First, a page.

BACKGROUND: Bifidobacterium longum ES1 is a strain probiotic, colonizing the human gut and capable of a degradative action on gliadin. In an attempt to find new nutritional solutions aimed at improving the quality of life of patients with non-celiac gluten sensitivity (NCGS) we evaluated the effectiveness of this strain, in association with a gluten-free diet, comparing its efficacy versus diet therapy alone. METHODS: The experimental design included a non-randomized, open-label, 1:1 intervention study in parallel groups. Enrolled patients with symptoms attributable to NCGS, and with negative diagnoses of both wheat allergy and celiac disease, were included in this three-month trial divided into four outpatient visits (baseline, T1, T2 and T3). Fifteen patients for each group completed the experimental protocol. RESULTS: Our results showed that a combination of diet and probiotic determined a more significant reduction in the frequency and intensity of intestinal and extra-intestinal symptoms, and a clear improvement in stool consistency. CONCLUSIONS: Although the study was carried out on a small number of patients, the results of our pilot trial suggest that a combined strategy of naturally gluten-free diet therapy with administration of the probiotic strain ES1 appears to offer a greater advantage than the dietary regime alone in improving the clinical symptomatic picture and in stabilizing the intestinal microbiota.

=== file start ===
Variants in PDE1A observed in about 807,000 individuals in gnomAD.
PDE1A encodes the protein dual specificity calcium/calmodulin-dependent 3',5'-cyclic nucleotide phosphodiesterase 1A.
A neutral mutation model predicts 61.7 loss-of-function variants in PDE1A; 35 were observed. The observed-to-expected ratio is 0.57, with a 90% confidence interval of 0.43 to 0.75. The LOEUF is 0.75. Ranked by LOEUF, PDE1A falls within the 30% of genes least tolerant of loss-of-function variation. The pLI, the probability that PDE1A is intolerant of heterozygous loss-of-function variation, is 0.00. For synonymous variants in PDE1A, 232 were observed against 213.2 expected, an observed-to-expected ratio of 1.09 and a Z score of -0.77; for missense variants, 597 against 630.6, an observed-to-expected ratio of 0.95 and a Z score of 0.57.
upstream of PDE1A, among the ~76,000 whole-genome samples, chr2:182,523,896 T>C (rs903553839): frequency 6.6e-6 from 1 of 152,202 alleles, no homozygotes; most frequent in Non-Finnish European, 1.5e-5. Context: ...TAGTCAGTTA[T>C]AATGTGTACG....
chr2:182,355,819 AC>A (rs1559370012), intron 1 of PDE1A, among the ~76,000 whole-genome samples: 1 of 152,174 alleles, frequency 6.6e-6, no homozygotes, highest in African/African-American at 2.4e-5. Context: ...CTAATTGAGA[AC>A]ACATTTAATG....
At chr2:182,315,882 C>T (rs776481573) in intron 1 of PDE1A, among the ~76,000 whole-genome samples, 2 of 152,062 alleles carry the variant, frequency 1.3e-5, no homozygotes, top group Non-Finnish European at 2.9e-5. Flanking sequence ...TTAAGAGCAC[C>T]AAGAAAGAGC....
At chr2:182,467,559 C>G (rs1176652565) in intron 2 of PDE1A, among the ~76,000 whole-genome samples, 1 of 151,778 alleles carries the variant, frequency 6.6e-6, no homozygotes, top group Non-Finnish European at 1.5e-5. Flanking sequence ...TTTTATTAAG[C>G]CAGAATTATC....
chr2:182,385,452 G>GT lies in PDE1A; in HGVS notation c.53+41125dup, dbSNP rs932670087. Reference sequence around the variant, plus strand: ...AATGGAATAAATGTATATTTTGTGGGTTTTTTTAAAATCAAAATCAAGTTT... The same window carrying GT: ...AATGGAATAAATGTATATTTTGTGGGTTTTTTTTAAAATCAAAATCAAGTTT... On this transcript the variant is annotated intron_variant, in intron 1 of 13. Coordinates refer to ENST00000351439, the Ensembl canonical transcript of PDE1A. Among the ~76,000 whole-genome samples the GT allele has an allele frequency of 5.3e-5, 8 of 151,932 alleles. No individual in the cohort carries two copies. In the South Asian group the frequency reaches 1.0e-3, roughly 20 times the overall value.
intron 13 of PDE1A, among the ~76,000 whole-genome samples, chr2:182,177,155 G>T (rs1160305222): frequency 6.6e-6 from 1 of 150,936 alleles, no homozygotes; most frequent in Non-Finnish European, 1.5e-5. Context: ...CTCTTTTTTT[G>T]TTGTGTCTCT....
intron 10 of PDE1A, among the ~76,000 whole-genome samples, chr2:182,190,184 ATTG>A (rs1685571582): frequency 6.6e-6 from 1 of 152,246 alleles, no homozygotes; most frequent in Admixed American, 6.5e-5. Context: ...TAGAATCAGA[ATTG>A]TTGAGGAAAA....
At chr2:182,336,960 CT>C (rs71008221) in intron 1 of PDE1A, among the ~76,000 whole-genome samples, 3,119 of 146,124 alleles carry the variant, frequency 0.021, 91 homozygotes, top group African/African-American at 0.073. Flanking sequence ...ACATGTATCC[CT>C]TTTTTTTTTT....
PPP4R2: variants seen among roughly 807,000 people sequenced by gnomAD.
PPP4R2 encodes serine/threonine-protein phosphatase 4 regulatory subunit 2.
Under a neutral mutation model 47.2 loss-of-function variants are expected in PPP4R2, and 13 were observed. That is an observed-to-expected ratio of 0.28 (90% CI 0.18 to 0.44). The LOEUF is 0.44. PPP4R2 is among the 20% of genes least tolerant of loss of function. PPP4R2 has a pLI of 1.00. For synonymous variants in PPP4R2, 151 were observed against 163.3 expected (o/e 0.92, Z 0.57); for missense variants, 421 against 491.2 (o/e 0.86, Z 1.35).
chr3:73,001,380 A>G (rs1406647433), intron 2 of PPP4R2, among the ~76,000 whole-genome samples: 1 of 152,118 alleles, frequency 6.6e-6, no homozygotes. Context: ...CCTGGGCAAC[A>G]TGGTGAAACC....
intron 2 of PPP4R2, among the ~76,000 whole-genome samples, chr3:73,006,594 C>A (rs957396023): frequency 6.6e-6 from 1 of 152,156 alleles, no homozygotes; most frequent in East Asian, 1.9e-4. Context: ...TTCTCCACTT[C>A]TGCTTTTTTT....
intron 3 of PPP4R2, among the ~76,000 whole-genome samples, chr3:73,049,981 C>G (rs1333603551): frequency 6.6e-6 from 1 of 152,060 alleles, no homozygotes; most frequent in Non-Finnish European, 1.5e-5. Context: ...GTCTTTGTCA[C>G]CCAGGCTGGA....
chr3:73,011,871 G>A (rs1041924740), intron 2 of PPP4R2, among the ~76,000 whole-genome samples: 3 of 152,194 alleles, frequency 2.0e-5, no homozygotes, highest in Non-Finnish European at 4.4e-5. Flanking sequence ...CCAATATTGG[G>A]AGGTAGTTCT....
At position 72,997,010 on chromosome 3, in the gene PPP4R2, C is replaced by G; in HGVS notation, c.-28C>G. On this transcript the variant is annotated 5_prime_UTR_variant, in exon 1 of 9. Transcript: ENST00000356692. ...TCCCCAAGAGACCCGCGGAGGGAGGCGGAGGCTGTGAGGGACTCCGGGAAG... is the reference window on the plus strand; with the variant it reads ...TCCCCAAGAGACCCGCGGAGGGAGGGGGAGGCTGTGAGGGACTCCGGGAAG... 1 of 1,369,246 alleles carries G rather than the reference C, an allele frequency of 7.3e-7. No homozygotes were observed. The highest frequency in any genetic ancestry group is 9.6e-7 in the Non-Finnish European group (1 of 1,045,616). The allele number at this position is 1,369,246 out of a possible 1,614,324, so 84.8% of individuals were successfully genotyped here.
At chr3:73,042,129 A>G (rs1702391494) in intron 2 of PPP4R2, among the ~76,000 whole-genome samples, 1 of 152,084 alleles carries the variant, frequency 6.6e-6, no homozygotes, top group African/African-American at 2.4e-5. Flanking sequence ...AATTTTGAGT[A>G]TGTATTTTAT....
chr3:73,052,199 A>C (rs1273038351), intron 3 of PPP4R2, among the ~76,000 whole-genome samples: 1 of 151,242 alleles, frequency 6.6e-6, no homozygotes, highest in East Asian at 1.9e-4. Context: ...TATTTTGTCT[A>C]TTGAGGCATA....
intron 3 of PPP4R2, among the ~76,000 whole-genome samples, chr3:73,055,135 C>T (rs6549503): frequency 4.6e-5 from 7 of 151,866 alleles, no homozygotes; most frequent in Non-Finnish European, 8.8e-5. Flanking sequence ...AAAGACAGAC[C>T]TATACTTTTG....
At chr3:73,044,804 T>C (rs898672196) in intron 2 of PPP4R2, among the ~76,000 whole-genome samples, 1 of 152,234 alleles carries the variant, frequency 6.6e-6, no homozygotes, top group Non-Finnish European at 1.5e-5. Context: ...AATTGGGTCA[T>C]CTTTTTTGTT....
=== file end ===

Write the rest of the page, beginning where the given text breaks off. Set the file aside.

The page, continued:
ASJC Scopus subject areas
- Internal Medicine
- Endocrinology, Diabetes and Metabolism
- Nutrition and Dietetics